The club’s confirmed summer line-up features a band made up of five international artists, fronted by American singer Debórah Bond.

No entry fee is being charged for the shows, which operate Wednesday to Saturday. The event runs until the end of September, when the club will be re-launched.

The St. Regis said that the venue is still working with an agency to finalize the new branding for the club.

While its former Twitter account has been deleted, JALCD’s Facebook page continues to operate.

Expansion plans

When the deal between the St. Regis Doha and JALC was signed, the New York jazz club said that the venue in Qatar would be the first of five planned around the world.

 For illustrative purposes only


For illustrative purposes only

So far, however, JALCD remains the only one to have opened.

But JALC Shanghai is reportedly scheduled to open this year in a new complex called The Central, opposite the city’s Holy Trinity church.

Did you visit JALCD? How do you feel about the change? Thoughts?

Salvaggio playing her violin

Sylvie van Roey

Salvaggio playing her violin

In some ways, Julia Salvaggio is just like every other 13-year-old. She goes to school, hangs out with her friends and jokes around with her little brother.

But she’s also one of the world’s most promising musicians, and has a shiny new trophy to prove it.

Earlier this month, Julia placed absolute first at the Paolo Barrasso, a prestigious international music competition in Italy.

Some 500 people from across the world participated in the competition, and only 20 placed absolute first by scoring 100 out of 100. Of those, only two played the violin, including Julia.

The teen is also the first person to participate in the Paolo Barrasso from Qatar.

Qatar Music Academy

Originally of Italian and Belgian descent, Julia has spent most of her life in Doha, and has been playing the violin since she was three years old.

Musical talent runs in her family – her brother plays drums and will soon be auditioning for a youth orchestra, her father used to play the clarinet and her mother’s uncle was a successful professional pianist.

In 2012, Julia joined the Qatar Music Academy (QMA) at Katara Cultural Village.

QMA, which is part of Qatar Foundation, opened in 2011 to promote music education.

There, she honed her violin playing with private tutoring, became a part of a trio and ensemble, and took music theory theories – a subject she has found difficult, Julia admitted to Doha News.

Qatar Music Academy

Qatar Music Academy/Facebook

Qatar Music Academy

She added, “at QMA we have teachers from all over the world who are qualified and help us improve.”

Being part of an institute has also helped her expand her social circle with like-minded people.

“We all share the same passion, so that’s also really nice to meet people like this at QMA,” she said.

In addition to training at QMA, Julia said she practiced at least an hour and a half a day for weeks before attending the competition.

This may not seem like a lot of time, she said, but the key was focus:

“A little bit of practice with a lot of concentration can do more than a lot of practice without concentration. I just put my gears on, and realized that I was going for a competition here.”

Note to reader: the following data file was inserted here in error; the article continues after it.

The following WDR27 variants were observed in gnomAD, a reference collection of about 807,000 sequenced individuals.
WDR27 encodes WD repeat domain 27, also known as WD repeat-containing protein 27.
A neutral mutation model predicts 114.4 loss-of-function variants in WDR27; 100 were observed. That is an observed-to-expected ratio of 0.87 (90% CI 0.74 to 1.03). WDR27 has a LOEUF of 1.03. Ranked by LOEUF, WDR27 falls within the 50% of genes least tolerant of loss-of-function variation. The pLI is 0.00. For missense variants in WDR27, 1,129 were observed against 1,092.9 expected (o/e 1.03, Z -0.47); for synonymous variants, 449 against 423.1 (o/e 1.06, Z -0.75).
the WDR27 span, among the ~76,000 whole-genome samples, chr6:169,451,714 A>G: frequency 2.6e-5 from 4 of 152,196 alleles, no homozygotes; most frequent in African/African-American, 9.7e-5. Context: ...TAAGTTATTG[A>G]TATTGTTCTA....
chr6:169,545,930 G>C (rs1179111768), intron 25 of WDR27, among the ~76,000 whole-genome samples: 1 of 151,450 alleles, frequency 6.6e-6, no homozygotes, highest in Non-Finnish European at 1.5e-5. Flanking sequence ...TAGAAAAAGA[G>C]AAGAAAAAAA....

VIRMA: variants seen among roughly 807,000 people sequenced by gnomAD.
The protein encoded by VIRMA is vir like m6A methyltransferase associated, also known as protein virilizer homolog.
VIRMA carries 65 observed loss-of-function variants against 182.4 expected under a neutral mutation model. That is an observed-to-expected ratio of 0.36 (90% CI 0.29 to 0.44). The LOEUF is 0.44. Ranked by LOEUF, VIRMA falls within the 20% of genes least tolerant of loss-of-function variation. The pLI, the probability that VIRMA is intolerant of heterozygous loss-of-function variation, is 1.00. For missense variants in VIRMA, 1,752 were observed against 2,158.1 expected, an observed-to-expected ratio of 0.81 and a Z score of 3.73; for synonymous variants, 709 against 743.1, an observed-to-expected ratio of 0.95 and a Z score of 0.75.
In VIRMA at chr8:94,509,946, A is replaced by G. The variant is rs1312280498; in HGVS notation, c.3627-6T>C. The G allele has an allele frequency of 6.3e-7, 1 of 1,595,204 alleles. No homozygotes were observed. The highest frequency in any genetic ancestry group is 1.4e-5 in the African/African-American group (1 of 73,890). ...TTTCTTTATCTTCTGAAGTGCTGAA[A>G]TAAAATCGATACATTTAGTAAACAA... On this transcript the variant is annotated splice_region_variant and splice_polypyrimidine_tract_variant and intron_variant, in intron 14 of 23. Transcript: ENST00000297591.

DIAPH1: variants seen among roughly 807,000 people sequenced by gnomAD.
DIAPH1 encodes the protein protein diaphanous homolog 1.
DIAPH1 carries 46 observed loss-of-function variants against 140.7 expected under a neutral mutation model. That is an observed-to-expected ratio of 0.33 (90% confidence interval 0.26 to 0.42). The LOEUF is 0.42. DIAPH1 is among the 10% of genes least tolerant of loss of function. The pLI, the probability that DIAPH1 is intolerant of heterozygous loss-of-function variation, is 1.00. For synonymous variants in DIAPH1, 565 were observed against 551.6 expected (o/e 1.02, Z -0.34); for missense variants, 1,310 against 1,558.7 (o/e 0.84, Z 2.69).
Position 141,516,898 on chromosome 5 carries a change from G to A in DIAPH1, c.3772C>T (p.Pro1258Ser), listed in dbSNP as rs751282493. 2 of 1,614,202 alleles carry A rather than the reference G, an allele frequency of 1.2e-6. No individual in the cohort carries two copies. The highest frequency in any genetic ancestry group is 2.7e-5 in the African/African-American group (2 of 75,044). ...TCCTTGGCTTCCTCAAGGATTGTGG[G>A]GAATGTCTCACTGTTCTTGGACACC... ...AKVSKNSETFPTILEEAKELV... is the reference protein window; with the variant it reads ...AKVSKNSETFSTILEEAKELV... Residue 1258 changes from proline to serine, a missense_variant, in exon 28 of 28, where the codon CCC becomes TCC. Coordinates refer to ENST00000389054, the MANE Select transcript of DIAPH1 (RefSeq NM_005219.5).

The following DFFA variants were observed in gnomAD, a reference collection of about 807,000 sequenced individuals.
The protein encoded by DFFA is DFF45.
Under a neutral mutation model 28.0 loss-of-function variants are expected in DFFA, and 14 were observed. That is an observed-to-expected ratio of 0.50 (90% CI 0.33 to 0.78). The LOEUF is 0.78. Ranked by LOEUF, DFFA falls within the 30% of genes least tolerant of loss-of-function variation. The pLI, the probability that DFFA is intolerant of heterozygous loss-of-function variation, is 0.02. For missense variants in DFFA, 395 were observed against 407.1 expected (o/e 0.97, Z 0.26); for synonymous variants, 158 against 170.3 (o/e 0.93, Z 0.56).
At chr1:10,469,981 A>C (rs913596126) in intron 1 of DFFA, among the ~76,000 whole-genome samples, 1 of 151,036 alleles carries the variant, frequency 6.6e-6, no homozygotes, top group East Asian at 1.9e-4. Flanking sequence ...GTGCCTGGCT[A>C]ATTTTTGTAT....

Staying committed

Still, maintaining focus hasn’t always been easy.

Julia is also a Year 8 student at Park House English School and has a tough time managing her schoolwork with QMA, which she goes to twice a week, including on the weekend.

While Julia said she enjoys QMA-related opportunities such as performing with its Youth Orchestra and alongside the Qatar Philharmonic Orchestra, she added that it’s still difficult to stay committed to her instrument at times.

And getting out of bed on weekends to practice can be tough.

Julia said when this happens, she gives herself a pep talk. “I have to think, ‘What would happen if I didn’t play the violin today?’ ”

Mastering the violin entails continuous practice, including preparing before a lesson, she said.

“There’s nothing worse than arriving to a lesson unprepared. It’s not a nice feeling and you have no sense of accomplishment,” Julia said.

“I won’t get anywhere if I stay in bed,” she added.

When her daughter gets stressed, mother Sylvie van Roey said she encourages Julia to take a break and go for a walk or engage in sports.

“I always let her… choose what was the best option for her.

She is my daughter but also she is becoming my best friend and I will always support her in what makes her happy. In (a) few years she (will) start to see a big result in the huge efforts she has put to reach her level and I am just proud of her,” van Roey told Doha News.

Future plans

Salvaggio said she plans on partaking in even more prestigious competitions in the upcoming years, but only after she gets through her IGCSE exams. “It’s good to balance both,” she said.

But despite her potential, she has yet to decide whether to play the violin professionally.

Julia Salvaggio

Neha Rashid/Doha News

Julia Salvaggio

“I also have other ideas,” she said, adding that she is considering a career in either computer sciences or electronic engineering.

However, just like many 13-year-olds, she remains unsure.

“If I happen to become better at the violin, and if I happen to keep going on the track I’m going on right now, I guess there’s a possibility of me playing the violin professionally,” she said.